August 7, 2005

"Affordable Family Formation" and "Sailer Strategy" at work in Australia:

Continuing's recent All Australia All the Time theme, I see, thanks to Jack Strocchi, that Tim Colbatch reported in the Sydney Morning Herald last November that much the same process that is dividing the US map up into red and blue is at work in Australia:

New Political Divide Is All About Values:

A new divide is reshaping Australians' political loyalties. Analysis of voting shifts, booth by booth throughout Victoria, reveals that a cultural divide is growing alongside the income divide that traditionally dictates our votes - and, increasingly, is overshadowing it.

In the past six years, many elite suburbs and coastal areas have moved towards Labor [the left party]. The middle and outer suburbs have gone towards the Liberals [the right party].

From its high watermark in 1998, when it won its second-best vote in Victoria for 50 years, Labor has slid from 53.5 per cent of the two-party vote to 49 per cent, a swing to the Coalition [right] of 4.5 per cent.

Yet at scores of polling booths, voters generated swings of more than 10 per cent - while at other booths, Labor was polling even better in 2004 than in 1998.

The new divide is based on values rather than incomes. "Australia is dividing between the cultural elite on one side and middle Australia and everyone else on the other," says social analyst Bernard Salt, a partner at KPMG and author of The Big Shift.

Educated insiders living close to the city are increasingly Labor-oriented, while the outsiders living in middle and outer suburbs are increasingly Liberal-oriented...

Take Melbourne, one of just three seats where Labor did better this time than in 1998. Within two kilometres of each other, two booths swung in wildly different directions. Voters in the booth under Richmond's housing commission flats gave the Liberals a combined swing in 2001 and 2004 of 12 per cent. But over Punt Road and up a dozen income levels, East Melbourne residents voted Labor, with a swing almost as large.

Educated insiders living close to the city are increasingly Labor-oriented." Take Batman in the northern suburbs. Almost all the booths in inner-suburban Northcote swung to Labor or held fairly steady, yet in Reservoir the swings to the Coalition ran as high as 13 per cent.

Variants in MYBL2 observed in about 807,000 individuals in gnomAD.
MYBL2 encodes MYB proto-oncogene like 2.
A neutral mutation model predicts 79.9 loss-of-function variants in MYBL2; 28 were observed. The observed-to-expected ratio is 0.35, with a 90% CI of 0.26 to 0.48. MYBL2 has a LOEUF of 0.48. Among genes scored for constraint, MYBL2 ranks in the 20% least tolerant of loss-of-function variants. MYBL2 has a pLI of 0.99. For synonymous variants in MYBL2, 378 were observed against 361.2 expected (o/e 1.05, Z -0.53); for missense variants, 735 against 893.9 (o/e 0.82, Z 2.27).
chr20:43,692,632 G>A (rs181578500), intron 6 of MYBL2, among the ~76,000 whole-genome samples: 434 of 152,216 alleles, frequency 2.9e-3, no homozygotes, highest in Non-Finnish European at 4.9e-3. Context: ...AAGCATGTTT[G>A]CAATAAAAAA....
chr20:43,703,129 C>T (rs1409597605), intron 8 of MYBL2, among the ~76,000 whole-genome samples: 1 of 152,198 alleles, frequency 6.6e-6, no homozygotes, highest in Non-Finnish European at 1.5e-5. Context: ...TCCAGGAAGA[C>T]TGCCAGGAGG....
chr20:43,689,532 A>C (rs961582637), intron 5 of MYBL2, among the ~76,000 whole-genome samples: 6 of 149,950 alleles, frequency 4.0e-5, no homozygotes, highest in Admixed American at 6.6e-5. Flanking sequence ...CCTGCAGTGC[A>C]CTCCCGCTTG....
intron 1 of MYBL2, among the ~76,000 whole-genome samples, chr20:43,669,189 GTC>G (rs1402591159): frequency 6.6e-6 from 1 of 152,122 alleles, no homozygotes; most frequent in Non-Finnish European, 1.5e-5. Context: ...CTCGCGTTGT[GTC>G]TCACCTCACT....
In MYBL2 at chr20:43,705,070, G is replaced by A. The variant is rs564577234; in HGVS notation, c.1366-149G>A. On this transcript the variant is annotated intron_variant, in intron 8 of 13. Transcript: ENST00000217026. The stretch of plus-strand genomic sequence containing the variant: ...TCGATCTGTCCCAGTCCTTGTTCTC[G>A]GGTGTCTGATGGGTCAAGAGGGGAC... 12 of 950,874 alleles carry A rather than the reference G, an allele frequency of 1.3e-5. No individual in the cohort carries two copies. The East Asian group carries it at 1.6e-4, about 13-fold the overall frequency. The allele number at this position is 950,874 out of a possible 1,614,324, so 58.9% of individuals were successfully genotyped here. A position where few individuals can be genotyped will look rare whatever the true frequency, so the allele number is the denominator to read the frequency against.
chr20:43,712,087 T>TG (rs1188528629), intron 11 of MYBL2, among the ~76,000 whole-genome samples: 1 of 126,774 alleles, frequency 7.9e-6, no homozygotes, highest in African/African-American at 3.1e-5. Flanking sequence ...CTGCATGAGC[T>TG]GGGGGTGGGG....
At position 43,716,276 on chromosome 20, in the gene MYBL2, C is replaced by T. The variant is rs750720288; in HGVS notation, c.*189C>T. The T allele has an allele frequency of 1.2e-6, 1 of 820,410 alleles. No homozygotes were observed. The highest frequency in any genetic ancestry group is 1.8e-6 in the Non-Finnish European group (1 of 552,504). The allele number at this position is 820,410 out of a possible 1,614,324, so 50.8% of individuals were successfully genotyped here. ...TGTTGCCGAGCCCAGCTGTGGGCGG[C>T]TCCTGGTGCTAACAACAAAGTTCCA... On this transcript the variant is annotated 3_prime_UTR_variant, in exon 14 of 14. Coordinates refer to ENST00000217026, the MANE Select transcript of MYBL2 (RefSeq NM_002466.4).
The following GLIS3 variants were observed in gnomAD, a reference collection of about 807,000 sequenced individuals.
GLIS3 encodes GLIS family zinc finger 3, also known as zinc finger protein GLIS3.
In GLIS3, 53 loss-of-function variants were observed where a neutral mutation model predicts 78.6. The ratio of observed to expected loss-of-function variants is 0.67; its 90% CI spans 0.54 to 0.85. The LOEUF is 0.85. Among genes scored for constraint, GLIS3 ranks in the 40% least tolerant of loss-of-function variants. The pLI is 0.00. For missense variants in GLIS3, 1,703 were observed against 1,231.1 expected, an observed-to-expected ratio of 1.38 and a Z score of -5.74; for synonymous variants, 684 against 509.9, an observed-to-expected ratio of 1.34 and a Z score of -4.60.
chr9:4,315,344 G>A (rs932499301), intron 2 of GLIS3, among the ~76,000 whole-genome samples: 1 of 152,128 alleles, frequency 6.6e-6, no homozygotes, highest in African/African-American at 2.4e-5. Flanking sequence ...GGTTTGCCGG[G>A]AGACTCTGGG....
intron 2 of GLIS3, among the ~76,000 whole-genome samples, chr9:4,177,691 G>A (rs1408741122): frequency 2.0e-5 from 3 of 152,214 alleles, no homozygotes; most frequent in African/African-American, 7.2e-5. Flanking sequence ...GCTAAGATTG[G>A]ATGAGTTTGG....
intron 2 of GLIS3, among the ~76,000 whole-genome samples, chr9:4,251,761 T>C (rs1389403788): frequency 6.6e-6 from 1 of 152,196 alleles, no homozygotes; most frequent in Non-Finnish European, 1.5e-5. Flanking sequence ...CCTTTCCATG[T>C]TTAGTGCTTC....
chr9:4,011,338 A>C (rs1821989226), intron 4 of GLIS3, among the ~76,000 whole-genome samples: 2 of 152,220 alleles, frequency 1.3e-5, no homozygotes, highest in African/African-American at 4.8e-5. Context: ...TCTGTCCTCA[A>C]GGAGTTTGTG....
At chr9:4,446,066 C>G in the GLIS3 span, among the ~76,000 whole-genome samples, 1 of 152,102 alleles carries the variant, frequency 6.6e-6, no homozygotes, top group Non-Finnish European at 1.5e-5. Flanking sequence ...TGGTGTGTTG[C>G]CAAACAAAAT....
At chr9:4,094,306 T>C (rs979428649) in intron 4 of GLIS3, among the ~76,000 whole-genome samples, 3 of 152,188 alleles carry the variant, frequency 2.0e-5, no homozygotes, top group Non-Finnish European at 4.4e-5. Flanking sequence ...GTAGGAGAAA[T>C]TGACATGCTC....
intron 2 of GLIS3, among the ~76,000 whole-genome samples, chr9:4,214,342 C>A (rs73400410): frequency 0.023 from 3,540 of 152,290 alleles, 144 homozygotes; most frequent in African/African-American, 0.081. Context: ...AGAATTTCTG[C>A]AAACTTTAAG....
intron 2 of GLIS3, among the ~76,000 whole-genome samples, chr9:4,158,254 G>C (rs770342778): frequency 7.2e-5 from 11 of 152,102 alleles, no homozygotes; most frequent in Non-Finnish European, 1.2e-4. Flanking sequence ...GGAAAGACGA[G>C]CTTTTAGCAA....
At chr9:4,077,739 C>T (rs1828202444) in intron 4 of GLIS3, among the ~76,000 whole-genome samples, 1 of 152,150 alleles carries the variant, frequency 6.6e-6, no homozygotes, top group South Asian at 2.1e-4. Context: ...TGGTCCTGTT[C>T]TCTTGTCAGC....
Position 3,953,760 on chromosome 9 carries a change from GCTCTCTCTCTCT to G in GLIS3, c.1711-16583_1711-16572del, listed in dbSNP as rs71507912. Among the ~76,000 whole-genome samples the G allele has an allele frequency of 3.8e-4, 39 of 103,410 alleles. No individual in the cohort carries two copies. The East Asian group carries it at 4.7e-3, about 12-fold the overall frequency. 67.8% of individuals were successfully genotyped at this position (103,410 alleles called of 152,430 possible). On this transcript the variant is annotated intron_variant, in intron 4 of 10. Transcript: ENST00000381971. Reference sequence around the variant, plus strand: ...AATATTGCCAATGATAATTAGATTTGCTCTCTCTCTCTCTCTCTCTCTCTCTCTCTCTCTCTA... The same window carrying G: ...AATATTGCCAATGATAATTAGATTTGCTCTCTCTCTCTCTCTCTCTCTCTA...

Similarly, in Maribyrnong, inner middle-class Essendon was slightly better for Labor this time than in 1998, whereas outer working-class St Albans and Sunshine were much worse.

... In outer-suburban marginals such as La Trobe, suburbs dominated by families with children and mortgages - such as Berwick, Boronia and Ferntree Gully - swung heavily to the Coalition [right]. But Sassafras and Mount Dandenong swung to Labor [left]. The analysis suggests that interest rates and the Mitcham-Frankston freeway helped draw Coalition votes, just as the GST inflated Labor's vote in 1998.

In contrast to the role born-again Christians played in US President George Bush's re-election during the week, religion seems not to have been a factor here. Analysis by Andrew Kopras of the Federal Parliamentary Library shows that the electorates with most non-believers are nearly all outer-suburban Liberal seats.

Mr Salt argues that there is a "groovy, inner-urban green culture" that identifies with Labor, even in affluent suburbs such as Middle Park, Parkville and North Fitzroy. And it has spread to coastal resorts and bushland settings by "sea-changers and tree-changers".

"You can almost draw a line around that culture a few kilometres from the city," Mr Salt says... Mr Salt said big swings to the Liberals among people on welfare were no surprise. "Even people in housing commission flats no longer see themselves as aligned to a particular class, but to the values set of middle Australia," he said. By contrast, "I think most sea-changers and tree-changers are Labor voters. These are inner-city people so they've got property wealth and green values."

While Prime Minister John Howard, now in his fourth term in office, is best known in the U.S. for his support of the Iraq Attaq, Australia's actual participation in the fighting has been prudently nugatory. Not a single Australian soldier was even injured in Iraq until October 2004, 19 months after the invasion. As far as I can tell, no Australian soldiers have yet been killed in action. Michael Duffy wrote in March:

At the peak of their commitments to Iraq, Britain had 45,000 people there and the US about 150,000. Relative to population sizes, to match this Australia should have had between 10,000 and 15,000 people in the Middle East at some point. In fact we peaked at just 2000. There are now fewer than 600 Australians serving there, to be joined next month by another 450.